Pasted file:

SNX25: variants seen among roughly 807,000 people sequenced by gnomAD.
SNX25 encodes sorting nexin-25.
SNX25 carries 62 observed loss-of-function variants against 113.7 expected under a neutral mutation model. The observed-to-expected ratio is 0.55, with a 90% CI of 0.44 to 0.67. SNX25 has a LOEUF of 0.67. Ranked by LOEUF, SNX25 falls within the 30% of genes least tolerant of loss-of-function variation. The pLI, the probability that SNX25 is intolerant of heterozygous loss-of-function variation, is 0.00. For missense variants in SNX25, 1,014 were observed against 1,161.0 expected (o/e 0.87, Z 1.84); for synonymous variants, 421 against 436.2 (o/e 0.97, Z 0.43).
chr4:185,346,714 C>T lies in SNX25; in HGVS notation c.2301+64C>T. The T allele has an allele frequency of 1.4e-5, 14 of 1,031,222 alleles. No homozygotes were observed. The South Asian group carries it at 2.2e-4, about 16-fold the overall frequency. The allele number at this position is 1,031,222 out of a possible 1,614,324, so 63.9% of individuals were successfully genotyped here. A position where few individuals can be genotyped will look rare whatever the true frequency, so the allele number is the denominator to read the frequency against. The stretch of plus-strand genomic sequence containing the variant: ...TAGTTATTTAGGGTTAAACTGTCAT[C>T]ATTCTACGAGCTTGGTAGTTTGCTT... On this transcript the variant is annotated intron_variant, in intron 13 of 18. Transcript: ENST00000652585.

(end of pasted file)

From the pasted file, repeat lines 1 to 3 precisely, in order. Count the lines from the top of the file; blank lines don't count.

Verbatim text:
SNX25: variants seen among roughly 807,000 people sequenced by gnomAD.
SNX25 encodes sorting nexin-25.
SNX25 carries 62 observed loss-of-function variants against 113.7 expected under a neutral mutation model. The observed-to-expected ratio is 0.55, with a 90% CI of 0.44 to 0.67. SNX25 has a LOEUF of 0.67. Ranked by LOEUF, SNX25 falls within the 30% of genes least tolerant of loss-of-function variation. The pLI, the probability that SNX25 is intolerant of heterozygous loss-of-function variation, is 0.00. For missense variants in SNX25, 1,014 were observed against 1,161.0 expected (o/e 0.87, Z 1.84); for synonymous variants, 421 against 436.2 (o/e 0.97, Z 0.43).